Today in Britain is “Mothering Sunday.” It’s mother’s day now in that it’s a day children pick whatever is growing to give as a gift to their mothers, and grown-ups buy cards for them. But as the 4th Sunday in Lent, it’s traditionally the day when church-goers return to the “mother church” of their original families. It sometimes involves travelling some distance, and although it is less common now that only 10% of the British population attend church regularly, it is still a recognized custom.
In this sense, “Mothering Sunday” is another example of the adaptation by Christianity of what were originally pagan practices honouring that Mother Nature who gives life to us all, and on whom we depend during every living moment. The festival to the Egyptian goddess Nut, married to the sun-god Re, is one of the earliest mother’s day celebrations on record.
If you are interested, there is an excellent introduction to these mothering gods on a blog post entitled Mothering Sunday.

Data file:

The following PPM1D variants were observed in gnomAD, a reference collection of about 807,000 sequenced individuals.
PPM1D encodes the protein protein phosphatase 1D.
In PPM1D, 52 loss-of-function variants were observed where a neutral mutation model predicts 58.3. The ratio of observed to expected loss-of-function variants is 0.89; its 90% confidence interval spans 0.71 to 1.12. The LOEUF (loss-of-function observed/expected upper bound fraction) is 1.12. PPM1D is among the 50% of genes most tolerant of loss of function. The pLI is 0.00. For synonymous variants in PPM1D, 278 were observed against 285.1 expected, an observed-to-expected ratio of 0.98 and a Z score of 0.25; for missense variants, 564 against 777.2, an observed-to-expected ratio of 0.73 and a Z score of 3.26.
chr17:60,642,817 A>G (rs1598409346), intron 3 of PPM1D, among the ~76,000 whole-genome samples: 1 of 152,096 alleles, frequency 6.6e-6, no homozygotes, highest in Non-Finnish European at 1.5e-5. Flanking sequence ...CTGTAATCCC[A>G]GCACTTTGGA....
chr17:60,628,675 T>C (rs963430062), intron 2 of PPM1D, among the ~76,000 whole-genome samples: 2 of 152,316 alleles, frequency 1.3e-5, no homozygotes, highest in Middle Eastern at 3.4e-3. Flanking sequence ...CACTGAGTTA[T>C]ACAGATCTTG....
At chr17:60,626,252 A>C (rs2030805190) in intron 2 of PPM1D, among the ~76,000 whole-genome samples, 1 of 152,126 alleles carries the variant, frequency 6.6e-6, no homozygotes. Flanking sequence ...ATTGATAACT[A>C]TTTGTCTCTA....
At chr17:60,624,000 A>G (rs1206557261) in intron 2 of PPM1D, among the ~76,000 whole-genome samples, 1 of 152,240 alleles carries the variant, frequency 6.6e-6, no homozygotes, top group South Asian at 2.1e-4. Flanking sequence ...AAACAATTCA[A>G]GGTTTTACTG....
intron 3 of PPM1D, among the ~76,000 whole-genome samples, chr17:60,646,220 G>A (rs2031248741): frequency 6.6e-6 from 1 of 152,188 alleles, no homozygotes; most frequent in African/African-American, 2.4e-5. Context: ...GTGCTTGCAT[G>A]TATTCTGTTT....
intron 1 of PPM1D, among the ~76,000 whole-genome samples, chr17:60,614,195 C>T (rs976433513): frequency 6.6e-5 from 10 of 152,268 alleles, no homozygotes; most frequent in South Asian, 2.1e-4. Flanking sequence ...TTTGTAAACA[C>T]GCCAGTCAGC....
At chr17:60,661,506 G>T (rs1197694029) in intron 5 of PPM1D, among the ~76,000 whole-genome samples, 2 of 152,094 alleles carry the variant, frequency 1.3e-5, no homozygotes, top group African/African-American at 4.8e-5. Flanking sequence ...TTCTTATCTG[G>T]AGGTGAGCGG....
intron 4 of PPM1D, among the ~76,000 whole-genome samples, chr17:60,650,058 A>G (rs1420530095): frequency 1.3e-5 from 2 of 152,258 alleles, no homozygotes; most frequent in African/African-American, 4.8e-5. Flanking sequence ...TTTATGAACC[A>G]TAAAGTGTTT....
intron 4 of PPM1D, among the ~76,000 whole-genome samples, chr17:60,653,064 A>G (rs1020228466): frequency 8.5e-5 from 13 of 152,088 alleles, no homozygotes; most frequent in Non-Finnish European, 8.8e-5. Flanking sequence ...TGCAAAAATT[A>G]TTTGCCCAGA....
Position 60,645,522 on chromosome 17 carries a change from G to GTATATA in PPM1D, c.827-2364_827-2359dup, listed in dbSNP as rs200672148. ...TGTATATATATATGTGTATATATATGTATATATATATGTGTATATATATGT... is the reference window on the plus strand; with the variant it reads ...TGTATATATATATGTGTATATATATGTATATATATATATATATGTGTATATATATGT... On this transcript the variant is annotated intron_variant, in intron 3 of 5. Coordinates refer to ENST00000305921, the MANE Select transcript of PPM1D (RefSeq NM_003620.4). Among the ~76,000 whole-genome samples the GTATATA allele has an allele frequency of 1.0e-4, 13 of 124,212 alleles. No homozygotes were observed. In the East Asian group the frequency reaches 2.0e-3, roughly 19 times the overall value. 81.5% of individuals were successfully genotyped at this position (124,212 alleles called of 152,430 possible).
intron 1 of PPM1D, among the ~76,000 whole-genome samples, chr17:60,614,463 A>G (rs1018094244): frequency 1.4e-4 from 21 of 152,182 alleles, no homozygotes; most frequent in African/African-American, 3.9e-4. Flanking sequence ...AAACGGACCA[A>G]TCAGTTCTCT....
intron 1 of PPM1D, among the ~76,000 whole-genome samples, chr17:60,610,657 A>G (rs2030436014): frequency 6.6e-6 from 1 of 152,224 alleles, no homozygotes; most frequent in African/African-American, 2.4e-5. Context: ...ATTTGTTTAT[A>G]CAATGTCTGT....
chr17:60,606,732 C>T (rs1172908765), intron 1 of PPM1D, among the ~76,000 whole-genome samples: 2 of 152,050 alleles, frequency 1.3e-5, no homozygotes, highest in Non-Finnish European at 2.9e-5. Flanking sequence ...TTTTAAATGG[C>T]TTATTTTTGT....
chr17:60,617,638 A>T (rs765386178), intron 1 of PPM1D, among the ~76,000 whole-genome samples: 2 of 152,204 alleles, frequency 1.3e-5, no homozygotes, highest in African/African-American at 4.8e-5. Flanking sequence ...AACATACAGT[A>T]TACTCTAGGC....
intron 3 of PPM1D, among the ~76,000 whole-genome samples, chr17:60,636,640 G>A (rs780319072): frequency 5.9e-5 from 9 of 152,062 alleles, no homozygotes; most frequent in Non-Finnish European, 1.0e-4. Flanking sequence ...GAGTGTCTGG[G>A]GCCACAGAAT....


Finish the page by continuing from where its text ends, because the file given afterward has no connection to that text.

If you scroll down on that same post, the author has a wicked list of the things his own mother taught him. If I hadn’t also learned from my own mother not to steal, I would copy it verbatim here and claim it as my own. Not only did my second-generation Polish American mother teach me the same things as the Laird’s mother taught him growing up in Scotland. She seems to have used the same words! Below are a few of the teachings of the Laird’s mother:
My mother taught me –
- religion: “You better pray that this will come out of the carpet.”
- logic: “Because I said so, that’s why.”
- contortionism: “Will you look at that dirt on the back of your neck!”
- weather: “This room of yours looks as if a tornado went through it.”
- hypocrisy: “If I told you once, I’ve told you a million times. Don’t exaggerate!”
Be interesting to know if other readers recognize their own mothers as often as I do. Do let me and/or the Laird know if you do.